AN ALLOA health tech firm has contributed to research which could help provide less painful and more effective treatment for cervical cancer.

Emblation let a team of scientists from the University of Glasgow use their Swift device to treat lab-grown cancer cells with precise doses of microwaves, delivering highly effective results.

This research, published in medical journal The Lancet, demonstrated how cancerous cells can be destroyed with Emblation’s technology.

Dr Matt Kidd, director of research and development at Emblation, said: “It’s hugely important that these results have been proven repeatedly under laboratory conditions and peer reviewed.

“This is a first and absolutely vital step toward eventually getting tests out of the lab and into medical situations involving real patients.

“While we were delighted to provide a Swift device for the research and helped train the scientists in how to use it, we had no involvement in the experiments.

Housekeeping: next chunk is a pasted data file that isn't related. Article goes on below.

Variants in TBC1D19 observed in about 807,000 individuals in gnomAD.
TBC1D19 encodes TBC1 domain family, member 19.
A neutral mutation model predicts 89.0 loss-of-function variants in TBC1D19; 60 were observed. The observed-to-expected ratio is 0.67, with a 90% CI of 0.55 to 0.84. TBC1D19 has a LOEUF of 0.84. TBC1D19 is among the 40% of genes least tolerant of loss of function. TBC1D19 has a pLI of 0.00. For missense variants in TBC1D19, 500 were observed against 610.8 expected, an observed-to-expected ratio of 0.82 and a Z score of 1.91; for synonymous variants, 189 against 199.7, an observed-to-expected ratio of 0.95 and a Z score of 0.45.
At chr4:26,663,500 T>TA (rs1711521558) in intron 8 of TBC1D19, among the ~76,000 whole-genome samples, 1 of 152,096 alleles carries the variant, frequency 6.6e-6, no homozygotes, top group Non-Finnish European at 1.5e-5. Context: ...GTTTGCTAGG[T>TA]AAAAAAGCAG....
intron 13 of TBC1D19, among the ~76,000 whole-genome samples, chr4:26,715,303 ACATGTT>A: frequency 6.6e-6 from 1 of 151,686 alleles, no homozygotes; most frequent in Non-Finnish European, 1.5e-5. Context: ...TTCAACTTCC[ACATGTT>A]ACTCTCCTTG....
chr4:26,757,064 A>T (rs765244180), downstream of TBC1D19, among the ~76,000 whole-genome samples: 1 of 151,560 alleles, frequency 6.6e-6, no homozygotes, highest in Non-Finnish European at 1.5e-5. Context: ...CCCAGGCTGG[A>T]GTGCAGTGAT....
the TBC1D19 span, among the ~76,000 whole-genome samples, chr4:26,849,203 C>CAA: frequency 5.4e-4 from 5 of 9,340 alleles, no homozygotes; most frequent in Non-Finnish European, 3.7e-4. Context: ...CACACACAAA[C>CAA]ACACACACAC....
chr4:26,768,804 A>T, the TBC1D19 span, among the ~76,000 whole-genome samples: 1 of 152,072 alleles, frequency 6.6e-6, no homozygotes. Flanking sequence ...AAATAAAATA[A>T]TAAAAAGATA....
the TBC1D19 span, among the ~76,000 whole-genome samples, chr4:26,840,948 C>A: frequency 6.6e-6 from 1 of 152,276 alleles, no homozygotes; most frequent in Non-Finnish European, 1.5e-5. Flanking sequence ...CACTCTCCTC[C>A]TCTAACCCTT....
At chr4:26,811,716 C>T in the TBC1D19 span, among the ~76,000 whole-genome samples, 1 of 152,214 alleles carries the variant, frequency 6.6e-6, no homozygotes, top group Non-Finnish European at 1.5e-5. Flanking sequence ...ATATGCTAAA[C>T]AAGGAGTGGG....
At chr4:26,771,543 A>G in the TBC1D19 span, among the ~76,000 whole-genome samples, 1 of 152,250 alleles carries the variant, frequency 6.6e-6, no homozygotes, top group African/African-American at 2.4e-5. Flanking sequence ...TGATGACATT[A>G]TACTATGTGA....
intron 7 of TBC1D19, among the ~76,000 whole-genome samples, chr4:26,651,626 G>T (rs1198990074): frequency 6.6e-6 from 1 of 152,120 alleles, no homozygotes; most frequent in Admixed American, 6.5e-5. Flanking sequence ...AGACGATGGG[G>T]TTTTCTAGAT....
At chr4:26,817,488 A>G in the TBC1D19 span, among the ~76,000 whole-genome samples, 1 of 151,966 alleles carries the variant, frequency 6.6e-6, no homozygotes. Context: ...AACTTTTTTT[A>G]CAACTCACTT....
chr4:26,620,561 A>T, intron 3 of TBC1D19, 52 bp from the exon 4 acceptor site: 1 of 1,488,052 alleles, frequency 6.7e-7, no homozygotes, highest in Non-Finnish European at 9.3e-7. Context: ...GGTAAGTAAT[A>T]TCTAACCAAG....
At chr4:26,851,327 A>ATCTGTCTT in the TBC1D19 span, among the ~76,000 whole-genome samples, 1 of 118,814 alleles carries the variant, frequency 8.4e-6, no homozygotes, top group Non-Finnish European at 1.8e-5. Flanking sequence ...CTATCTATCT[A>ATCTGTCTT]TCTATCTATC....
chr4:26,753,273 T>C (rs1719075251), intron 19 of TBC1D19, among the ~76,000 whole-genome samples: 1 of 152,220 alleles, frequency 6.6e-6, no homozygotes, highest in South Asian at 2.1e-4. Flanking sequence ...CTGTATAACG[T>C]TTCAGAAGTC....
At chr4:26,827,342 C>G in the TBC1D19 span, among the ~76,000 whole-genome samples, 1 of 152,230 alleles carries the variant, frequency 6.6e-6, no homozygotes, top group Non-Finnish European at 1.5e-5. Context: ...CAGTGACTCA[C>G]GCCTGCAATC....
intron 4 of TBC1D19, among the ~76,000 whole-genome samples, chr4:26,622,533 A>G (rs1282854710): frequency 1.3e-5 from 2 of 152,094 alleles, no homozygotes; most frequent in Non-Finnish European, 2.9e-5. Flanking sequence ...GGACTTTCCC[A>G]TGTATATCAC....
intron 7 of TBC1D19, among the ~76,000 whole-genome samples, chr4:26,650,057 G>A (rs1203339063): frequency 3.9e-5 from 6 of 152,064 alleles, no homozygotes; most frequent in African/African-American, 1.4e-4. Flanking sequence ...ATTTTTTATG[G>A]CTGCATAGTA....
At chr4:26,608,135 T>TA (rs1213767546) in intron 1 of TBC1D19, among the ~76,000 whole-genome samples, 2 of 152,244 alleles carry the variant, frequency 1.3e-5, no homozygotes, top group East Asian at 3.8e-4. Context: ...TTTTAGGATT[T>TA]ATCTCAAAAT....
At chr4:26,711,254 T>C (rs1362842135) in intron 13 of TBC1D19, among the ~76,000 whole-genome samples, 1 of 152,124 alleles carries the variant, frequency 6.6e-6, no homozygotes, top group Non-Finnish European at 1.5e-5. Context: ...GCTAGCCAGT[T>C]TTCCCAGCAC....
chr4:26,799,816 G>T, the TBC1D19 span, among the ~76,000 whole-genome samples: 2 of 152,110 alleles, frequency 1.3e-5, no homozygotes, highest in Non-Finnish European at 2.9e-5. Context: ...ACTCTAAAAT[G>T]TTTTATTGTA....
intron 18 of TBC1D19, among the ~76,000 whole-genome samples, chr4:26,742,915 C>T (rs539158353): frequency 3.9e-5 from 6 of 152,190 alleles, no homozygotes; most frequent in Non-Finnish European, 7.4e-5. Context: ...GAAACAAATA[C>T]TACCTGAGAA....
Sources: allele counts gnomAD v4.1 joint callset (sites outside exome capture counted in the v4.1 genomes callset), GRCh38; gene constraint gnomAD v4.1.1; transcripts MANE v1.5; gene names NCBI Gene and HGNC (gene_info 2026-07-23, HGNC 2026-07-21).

“So, we have been genuinely thrilled to read about the highly-promising results in The Lancet.”

The team grew 3D cancer tissues in the lab before targeting them with precise bursts of microwave energy.

It was found that the microwave energy resulted in a reduction of growth in diseased cells and an increase in programmed cell death in tumours.

The Swift device, developed by Emblation, has proven effective in treating conditions such as verrucae and Actinic Keratosis, pre-cancerous skin lesions caused by over exposure to the sun.

Emblation was founded by Gary Beale and Eamon McErlean and received serious growth in 2021 to provide Swift devices worldwide.